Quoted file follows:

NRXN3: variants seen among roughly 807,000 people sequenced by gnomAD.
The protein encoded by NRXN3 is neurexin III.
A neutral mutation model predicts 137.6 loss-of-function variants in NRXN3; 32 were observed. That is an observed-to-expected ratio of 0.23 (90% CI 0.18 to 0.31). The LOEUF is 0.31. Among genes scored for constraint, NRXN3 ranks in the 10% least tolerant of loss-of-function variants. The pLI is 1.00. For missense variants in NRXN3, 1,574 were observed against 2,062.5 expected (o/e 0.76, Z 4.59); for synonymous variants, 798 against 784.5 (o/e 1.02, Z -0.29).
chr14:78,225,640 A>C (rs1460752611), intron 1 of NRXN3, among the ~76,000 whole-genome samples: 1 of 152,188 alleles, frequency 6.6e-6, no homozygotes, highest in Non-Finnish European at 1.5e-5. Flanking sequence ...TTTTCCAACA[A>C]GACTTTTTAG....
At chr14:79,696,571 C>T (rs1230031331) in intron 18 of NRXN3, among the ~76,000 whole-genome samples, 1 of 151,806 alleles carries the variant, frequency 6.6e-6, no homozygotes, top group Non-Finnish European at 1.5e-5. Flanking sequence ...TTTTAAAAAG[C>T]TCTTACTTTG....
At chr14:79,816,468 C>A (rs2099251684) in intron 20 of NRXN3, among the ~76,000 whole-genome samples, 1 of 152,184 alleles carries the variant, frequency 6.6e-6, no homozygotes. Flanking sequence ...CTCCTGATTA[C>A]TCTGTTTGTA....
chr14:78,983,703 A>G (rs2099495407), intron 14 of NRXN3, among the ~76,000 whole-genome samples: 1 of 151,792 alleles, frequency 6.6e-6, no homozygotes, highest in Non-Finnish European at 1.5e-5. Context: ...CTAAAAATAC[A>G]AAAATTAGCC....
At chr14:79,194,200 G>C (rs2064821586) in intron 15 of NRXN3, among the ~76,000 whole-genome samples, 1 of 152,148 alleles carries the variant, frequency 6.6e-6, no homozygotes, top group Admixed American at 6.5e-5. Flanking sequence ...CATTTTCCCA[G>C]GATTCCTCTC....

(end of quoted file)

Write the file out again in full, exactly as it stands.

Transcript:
NRXN3: variants seen among roughly 807,000 people sequenced by gnomAD.
The protein encoded by NRXN3 is neurexin III.
A neutral mutation model predicts 137.6 loss-of-function variants in NRXN3; 32 were observed. That is an observed-to-expected ratio of 0.23 (90% CI 0.18 to 0.31). The LOEUF is 0.31. Among genes scored for constraint, NRXN3 ranks in the 10% least tolerant of loss-of-function variants. The pLI is 1.00. For missense variants in NRXN3, 1,574 were observed against 2,062.5 expected (o/e 0.76, Z 4.59); for synonymous variants, 798 against 784.5 (o/e 1.02, Z -0.29).
chr14:78,225,640 A>C (rs1460752611), intron 1 of NRXN3, among the ~76,000 whole-genome samples: 1 of 152,188 alleles, frequency 6.6e-6, no homozygotes, highest in Non-Finnish European at 1.5e-5. Flanking sequence ...TTTTCCAACA[A>C]GACTTTTTAG....
At chr14:79,696,571 C>T (rs1230031331) in intron 18 of NRXN3, among the ~76,000 whole-genome samples, 1 of 151,806 alleles carries the variant, frequency 6.6e-6, no homozygotes, top group Non-Finnish European at 1.5e-5. Flanking sequence ...TTTTAAAAAG[C>T]TCTTACTTTG....
At chr14:79,816,468 C>A (rs2099251684) in intron 20 of NRXN3, among the ~76,000 whole-genome samples, 1 of 152,184 alleles carries the variant, frequency 6.6e-6, no homozygotes. Flanking sequence ...CTCCTGATTA[C>A]TCTGTTTGTA....
chr14:78,983,703 A>G (rs2099495407), intron 14 of NRXN3, among the ~76,000 whole-genome samples: 1 of 151,792 alleles, frequency 6.6e-6, no homozygotes, highest in Non-Finnish European at 1.5e-5. Context: ...CTAAAAATAC[A>G]AAAATTAGCC....
At chr14:79,194,200 G>C (rs2064821586) in intron 15 of NRXN3, among the ~76,000 whole-genome samples, 1 of 152,148 alleles carries the variant, frequency 6.6e-6, no homozygotes, top group Admixed American at 6.5e-5. Flanking sequence ...CATTTTCCCA[G>C]GATTCCTCTC....